16Bit SPI Mode


How do you handle data sent over the SPI bus when the settings are using “DataBitLength=16” ?

Do you enable the MCU 16bit transfer mode ? If yes, why is there not any method that is taking ushorts arrays as parameters ?


Correct, why not?! Thanks for pointing it out.

But you wouldn’t cheat and convert the ushorts back to bytes under the hood, would you ? :wink:
I mean that it would have to be real 16bit transfer all along.

You can’t cheat. The point of 16 bit is sending 16bits…that is if we support it.

We either remove 16bit option or we fully support it.

Why do you care yourself about 16bit?

Because of performance, and mainly for displays.

For example, in our NETMF 4.4, using 16bit transfer mode on the ST7735 (128x160) increased the framerate from 36 to 51 fps (with full-screen flushes). Overall, in the drivers that support 16bit mode, we had roughly 35%-40% increase in framerate.

Of course, we may not have such increase here because of managed-to-native stuff, but I still think it should be more than noticeable.

That said, this was not a criticism but rather a question, since the MCU has the ability to handle that but not TinyCLR.

And I talked about cheating because another OS does that… :wink: Please don’t take that for you.

Out of curiosity : since the DatabitLength is an integer, how do you handle other values like 7bit, 18 bit or 37 bits ? I understand that those are strange values and I did not see such values yet.

OK so what you need is fast transfer, regardless on 8 vs 16. Here it is SPI bus speed and 16bit support · Issue #491 · ghi-electronics/TinyCLR-Libraries · GitHub

Just like the underlying processor, these values are not supported. And they did, we would have to decide how to support them.

It is very important to keep a nice and clean API that works for everyone. We do not want edge cases and confusion. Like above, we focus on the need, not the feature…you need fast display support, not 16bit. Our job is to find a way to make it fast…probably already is but we will check again!

Thanks for your reply. I understand what you say about needs vs features.

I didn’t want to argue and insist to have this feature. It’s just that 16bit transfer is faster by nature (and supported by the MCU) and you did not have methods to handle those, despite the Databit.Length parameter. That was all I wanted to notify.

I may comment on the issue, however, to give more examples or just chat :wink:

Agree 100%. We are working on it.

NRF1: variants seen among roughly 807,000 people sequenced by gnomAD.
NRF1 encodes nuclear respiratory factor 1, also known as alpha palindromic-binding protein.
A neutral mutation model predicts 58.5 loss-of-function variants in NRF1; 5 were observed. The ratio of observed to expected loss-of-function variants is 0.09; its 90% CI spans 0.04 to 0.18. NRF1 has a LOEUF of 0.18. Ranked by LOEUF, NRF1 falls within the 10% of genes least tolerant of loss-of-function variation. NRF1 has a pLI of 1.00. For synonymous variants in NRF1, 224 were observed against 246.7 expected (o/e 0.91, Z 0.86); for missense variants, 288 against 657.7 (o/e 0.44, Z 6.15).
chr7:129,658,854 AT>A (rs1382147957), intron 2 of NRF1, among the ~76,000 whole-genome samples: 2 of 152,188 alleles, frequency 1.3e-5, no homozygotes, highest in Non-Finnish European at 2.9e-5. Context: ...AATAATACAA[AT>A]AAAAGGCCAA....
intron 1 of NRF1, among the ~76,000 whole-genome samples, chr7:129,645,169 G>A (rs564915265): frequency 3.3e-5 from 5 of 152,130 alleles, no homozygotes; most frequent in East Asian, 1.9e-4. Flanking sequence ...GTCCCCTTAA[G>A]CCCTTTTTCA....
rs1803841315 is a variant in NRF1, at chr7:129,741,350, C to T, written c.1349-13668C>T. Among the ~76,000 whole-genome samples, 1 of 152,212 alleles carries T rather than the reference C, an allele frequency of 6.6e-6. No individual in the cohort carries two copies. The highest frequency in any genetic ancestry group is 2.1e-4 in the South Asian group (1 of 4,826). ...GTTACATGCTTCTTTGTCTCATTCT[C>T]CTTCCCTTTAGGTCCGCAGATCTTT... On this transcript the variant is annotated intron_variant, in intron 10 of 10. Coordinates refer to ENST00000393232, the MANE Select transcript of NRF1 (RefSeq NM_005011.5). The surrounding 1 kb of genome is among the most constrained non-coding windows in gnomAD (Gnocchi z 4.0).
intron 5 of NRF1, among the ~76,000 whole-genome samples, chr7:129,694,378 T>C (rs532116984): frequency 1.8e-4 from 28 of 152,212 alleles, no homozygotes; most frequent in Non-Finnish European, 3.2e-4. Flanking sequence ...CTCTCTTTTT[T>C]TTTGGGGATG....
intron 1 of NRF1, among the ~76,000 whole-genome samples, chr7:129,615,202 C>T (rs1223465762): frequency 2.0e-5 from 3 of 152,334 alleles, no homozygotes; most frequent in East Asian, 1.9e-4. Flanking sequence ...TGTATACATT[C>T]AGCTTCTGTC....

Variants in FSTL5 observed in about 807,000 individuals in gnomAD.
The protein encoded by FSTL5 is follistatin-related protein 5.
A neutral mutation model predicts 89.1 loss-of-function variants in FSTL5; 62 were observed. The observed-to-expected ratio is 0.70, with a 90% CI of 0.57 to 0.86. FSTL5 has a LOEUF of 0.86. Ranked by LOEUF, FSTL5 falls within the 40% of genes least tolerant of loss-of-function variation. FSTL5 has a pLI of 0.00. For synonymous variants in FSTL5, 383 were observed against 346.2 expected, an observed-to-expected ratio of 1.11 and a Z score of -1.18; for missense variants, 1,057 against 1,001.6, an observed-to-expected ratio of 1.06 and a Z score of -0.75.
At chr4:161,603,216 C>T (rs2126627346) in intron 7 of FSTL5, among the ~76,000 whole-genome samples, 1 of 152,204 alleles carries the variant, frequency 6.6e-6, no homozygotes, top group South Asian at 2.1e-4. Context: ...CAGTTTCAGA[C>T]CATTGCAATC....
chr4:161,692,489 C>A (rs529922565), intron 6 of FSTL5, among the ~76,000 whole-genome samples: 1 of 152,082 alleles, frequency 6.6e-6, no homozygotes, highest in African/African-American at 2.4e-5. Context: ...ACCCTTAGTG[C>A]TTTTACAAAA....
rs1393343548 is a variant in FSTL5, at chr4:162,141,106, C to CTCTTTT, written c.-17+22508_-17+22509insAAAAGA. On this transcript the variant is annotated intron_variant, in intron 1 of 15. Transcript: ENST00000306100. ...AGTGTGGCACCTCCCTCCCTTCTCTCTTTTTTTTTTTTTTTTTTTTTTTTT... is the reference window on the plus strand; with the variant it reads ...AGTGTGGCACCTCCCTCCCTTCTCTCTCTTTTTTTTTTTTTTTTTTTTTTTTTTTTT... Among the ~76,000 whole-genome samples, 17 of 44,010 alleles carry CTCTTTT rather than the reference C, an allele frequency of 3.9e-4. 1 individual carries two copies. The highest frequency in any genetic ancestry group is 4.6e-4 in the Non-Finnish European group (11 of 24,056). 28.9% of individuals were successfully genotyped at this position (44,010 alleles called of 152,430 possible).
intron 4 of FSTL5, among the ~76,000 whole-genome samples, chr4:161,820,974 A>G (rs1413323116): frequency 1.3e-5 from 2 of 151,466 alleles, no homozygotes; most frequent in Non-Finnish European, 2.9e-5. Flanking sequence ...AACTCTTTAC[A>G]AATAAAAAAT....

I’ve put a comment the commit for PR #529 on Github but I think the forum is more suitable to discuss, hence my post here.

The object of the PR is about SPI being 8bit only.

There are different things that I still don’t understand, or that are not clear to me, and I would like to know more details about your implementation.

First thing is : to me, endianness has no sense for a byte only. So how is this property handled under the hood ?

You say that you do 16bit internally. Ok, but support for 16bit databit length is not only on the MCU side. So how does it work if the device does not support 16bit frame ? You can’t know in advance if the device will accept 16bit frames.

Also, and this is more or less related to the point above, what’s happening if I send an array with an odd number of bytes ?

Last point : in issue #491, you say your’re doing 16/32 bit auto internally. What are those 32bit ? Is it a mode supported by the MCU ?

We talked about supporting 16bit for speed and we have it done even better internally than that. Data is pushed at maximum possible speed. Doing 16bit for displays if silly at this point.

As far as byte ordering, this is something that can be handled at application level.

If there is something else needed then provide part number of device number you are trying to support and example code please. We will be more than happy to take a look.

About endianness, this is on bit level not byte level.

Thanks for your reply. It’s not what I expected but there are answers anyway.

16 bit was not only for transfer speed.
Many sensors return 16bit data (even 24 or 32 bits, sometimes), so reading them directly as Int16 contributes to the overall speed. You don’t need to do conversions in the managed code since the value is already decoded by the firmware.

In this regard, endianness at bit level is useless, to me.

This subject is over for me, now. The current behaviour does not fully satisfy me but it is so. I’ll do with it.
The important thing is that I now know what to do and how.

I know. We can revisit in the future but now there are much more critical things to tackle. This is a “nice to have” vs a “show stopper” issue.

Just checked, when flushing display, bytes are back to back with no idle time.

As soon as I get a board, I will make my opinion with the Logic Analyzer :wink:

In the meantime, I take your word for it.

Oh please! We want you to test that and everything else. Get your analyzer ready. By the way, your boards will not ship today as we are busy releasing preview 5.

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I will not test… I will torture :smiley:

And that is why you are one of my favorite insiders. Love the honesty :wink: